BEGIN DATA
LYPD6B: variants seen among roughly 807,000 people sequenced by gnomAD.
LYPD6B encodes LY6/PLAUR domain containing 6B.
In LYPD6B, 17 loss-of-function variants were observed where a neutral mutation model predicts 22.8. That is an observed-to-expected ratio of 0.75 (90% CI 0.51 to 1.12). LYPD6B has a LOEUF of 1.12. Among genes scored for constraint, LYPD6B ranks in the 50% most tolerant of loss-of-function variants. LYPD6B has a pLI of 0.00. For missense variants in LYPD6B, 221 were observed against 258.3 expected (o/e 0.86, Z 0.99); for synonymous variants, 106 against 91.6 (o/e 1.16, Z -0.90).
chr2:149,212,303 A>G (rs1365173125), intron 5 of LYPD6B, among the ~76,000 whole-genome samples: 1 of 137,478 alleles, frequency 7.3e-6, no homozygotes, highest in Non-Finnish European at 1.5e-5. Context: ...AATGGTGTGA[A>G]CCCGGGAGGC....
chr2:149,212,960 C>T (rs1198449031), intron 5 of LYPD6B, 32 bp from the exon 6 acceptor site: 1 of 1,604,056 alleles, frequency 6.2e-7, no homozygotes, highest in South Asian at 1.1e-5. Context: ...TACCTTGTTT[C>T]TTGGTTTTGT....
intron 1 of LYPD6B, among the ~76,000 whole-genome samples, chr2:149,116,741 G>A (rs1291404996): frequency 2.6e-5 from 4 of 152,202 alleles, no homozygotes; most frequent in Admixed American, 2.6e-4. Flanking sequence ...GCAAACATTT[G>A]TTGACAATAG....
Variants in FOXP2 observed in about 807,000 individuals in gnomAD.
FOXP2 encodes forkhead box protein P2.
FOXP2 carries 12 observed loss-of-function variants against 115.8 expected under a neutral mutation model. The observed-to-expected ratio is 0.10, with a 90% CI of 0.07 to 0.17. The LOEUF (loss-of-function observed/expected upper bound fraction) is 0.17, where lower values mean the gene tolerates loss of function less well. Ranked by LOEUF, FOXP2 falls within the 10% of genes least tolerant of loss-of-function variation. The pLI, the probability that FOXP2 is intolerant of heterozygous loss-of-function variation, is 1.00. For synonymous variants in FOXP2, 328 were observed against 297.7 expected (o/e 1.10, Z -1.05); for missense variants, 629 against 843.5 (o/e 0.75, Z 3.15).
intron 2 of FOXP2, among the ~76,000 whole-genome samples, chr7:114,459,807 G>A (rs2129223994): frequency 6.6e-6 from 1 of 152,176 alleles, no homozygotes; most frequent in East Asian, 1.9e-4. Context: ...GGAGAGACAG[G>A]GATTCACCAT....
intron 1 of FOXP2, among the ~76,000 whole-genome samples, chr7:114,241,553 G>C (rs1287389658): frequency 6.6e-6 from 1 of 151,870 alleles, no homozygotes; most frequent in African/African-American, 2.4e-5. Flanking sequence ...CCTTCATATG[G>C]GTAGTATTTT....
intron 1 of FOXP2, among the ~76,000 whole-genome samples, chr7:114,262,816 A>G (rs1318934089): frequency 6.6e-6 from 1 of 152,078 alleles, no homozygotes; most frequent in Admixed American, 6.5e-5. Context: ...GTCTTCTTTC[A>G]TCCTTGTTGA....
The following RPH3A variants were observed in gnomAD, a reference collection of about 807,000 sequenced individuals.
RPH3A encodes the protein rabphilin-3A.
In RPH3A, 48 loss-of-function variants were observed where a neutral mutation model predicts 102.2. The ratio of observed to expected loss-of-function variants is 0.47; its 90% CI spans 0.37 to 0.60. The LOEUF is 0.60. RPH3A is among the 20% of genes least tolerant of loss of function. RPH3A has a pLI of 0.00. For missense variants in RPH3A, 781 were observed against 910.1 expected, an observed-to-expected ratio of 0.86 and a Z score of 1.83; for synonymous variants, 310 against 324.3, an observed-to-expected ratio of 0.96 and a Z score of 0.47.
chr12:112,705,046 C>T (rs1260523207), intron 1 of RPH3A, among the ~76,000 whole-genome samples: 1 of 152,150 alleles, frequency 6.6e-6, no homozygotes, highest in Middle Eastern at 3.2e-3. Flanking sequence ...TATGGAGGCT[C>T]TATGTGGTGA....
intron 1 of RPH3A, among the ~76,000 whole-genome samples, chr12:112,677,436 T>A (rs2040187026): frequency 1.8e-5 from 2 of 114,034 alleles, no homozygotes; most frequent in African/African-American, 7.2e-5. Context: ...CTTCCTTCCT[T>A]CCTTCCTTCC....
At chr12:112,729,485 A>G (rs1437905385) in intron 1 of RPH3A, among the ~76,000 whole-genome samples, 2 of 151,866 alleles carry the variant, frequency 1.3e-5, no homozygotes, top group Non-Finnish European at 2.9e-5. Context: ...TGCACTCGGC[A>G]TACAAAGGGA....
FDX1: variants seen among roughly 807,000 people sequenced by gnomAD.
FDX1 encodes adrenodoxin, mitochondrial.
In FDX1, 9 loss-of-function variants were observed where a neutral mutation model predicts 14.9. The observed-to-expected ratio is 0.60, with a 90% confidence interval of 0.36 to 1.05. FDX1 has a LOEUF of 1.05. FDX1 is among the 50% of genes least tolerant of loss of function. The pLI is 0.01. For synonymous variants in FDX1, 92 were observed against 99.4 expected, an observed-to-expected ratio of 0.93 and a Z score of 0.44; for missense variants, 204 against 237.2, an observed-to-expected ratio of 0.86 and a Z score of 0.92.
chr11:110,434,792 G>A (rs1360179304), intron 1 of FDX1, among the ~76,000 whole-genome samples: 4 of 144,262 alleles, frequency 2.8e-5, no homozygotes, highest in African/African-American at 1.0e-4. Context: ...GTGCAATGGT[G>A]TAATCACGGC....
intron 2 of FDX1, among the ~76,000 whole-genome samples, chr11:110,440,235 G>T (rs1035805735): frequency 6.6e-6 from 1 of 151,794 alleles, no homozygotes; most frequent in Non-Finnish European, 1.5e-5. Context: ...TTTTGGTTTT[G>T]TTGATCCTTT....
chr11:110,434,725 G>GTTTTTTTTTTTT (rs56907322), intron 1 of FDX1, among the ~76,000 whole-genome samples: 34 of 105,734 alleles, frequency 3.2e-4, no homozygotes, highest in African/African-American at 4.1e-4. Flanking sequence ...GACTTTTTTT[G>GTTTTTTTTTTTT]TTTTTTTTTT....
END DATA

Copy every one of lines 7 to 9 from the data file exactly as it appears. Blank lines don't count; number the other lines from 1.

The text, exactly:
Variants in FOXP2 observed in about 807,000 individuals in gnomAD.
FOXP2 encodes forkhead box protein P2.
FOXP2 carries 12 observed loss-of-function variants against 115.8 expected under a neutral mutation model. The observed-to-expected ratio is 0.10, with a 90% CI of 0.07 to 0.17. The LOEUF (loss-of-function observed/expected upper bound fraction) is 0.17, where lower values mean the gene tolerates loss of function less well. Ranked by LOEUF, FOXP2 falls within the 10% of genes least tolerant of loss-of-function variation. The pLI, the probability that FOXP2 is intolerant of heterozygous loss-of-function variation, is 1.00. For synonymous variants in FOXP2, 328 were observed against 297.7 expected (o/e 1.10, Z -1.05); for missense variants, 629 against 843.5 (o/e 0.75, Z 3.15).